Researchers at Seoul National University have developed a technique that can treat intractable brain cancer, which has a survival rate of only 2 percent within five years.
|From left, Professors Paek Sun-ha, Cho Dong-woo, Jeong Young-hun and Yi Hee-gyeong|
The team, led by Professor Paek Sun-ha of the department of neurosurgery at the hospital and Professor Cho Dong-woo from Pohang University of Science and Technology, isolated cancer cells from cancer patients who had improved symptoms through chemotherapy and cancer patients who had their symptoms deteriorate even further.
Afterward, the team cultured the cells on a specially fabricated chip using 3D cell printing technology. As a result, the researchers demonstrated that they could reproduce the same cancer cell therapy response as conventional chemotherapies with their chip.
The team first applied 3D bio-printing technology to make artificial tissues or artificial organs, and implemented the environment of glioblastoma, the most common form of brain cancer, in the chip.
Also, the researchers fabricated concentric ring structure by sequentially printing the bio-ink consisting of glioblastoma and human vascular cells extracted from the patient's body, while printing the chip's wall with oxygen-permeable silicone.
As the result of printing a cell and cultivating it on a chip simulating the environment of actual glioblastoma, the team could reproduce the pathological features of cell tumors on the chip. Until now, conventional in vitro cell culture has not been able to confirm such features.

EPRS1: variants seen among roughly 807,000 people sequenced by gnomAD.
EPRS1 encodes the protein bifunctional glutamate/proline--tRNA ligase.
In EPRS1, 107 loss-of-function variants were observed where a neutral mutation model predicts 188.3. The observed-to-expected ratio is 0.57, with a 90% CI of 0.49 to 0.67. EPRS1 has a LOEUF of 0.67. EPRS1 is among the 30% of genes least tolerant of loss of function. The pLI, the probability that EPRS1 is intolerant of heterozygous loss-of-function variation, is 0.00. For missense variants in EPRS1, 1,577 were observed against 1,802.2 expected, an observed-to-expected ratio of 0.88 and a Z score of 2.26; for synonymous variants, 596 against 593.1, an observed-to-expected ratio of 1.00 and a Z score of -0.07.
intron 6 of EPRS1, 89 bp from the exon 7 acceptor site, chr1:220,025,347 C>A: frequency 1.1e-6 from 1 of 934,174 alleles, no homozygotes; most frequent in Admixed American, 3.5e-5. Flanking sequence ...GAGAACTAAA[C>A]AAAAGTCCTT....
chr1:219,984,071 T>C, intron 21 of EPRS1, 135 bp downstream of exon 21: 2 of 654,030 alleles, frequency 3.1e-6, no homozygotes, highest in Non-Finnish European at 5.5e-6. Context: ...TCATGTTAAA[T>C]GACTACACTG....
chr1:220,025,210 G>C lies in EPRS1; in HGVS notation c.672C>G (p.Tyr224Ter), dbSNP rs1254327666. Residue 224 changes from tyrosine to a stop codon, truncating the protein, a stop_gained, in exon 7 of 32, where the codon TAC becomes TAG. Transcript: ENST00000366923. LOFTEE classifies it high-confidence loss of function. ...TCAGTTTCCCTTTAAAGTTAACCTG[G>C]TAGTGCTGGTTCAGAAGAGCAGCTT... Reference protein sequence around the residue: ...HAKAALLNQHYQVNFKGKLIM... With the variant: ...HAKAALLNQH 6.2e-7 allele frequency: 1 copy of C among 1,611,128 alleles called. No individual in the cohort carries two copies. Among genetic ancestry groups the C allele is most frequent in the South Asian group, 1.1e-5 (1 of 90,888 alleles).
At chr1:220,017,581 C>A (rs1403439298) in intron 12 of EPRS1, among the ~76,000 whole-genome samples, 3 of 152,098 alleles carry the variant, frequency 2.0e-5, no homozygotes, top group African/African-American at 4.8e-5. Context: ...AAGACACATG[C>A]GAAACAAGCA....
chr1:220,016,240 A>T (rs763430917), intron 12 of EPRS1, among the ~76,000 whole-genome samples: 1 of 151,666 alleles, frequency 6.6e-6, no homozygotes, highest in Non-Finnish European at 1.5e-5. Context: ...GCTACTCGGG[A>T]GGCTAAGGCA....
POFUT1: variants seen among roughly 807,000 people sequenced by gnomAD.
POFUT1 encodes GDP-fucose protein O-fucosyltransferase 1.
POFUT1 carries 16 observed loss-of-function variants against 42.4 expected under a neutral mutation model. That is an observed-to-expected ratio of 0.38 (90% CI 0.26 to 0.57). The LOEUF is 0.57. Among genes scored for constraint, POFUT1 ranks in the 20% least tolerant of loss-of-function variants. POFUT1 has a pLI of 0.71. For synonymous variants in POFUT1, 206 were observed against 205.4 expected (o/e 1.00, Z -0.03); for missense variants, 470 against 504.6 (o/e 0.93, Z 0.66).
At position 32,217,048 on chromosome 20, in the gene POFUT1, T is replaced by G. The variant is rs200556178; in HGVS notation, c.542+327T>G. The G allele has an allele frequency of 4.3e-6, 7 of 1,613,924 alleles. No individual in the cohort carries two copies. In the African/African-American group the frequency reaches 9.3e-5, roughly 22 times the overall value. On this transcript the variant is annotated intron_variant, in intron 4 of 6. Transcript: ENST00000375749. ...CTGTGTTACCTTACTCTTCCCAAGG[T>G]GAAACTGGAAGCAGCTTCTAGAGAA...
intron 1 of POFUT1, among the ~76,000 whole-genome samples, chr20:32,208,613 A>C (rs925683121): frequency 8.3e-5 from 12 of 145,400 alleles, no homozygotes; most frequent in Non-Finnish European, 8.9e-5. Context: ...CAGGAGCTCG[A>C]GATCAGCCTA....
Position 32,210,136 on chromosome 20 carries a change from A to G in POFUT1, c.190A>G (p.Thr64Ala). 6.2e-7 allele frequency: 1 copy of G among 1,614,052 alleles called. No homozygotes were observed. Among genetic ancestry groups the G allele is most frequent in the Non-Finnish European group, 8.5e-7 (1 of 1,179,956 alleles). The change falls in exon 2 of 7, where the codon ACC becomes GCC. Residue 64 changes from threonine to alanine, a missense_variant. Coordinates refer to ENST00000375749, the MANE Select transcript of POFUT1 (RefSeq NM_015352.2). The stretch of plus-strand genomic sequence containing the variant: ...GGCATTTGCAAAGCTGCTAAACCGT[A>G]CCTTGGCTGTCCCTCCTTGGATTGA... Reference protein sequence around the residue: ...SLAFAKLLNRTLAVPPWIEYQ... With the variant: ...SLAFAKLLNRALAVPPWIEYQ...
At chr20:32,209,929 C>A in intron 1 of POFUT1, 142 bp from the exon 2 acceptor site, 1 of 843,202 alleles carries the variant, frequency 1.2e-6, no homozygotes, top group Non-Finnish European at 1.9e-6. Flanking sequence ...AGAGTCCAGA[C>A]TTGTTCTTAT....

In the case of patients with good chemotherapeutic efficacy, the chip, which contained three types of glioblastoma cells isolated from the patients, had a cancer cell survival rate of less than 40 percent. However, regarding the chip, which contained four types of glioblastoma cells isolated from patients with exacerbated cancer, the survival rate of cancer cells was more than 53 percent
The team also tested standard treatments using the same single drug on the same chips and saw a cancer cell survival of about 54 percent, while a chip that tested the optimal drug combination had a cancer cell survival rate of 23 percent.
“The results confirmed that cell-printing technology could be used to find a customized anticancer combination for each patient in the future treatment of brain cancer,” Professor Paek said. “The team expects that the results of this study will be used to develop glioblastoma therapies and help patients and families suffering from the illness.”
Nature Biomedical Engineering published the results of the study.
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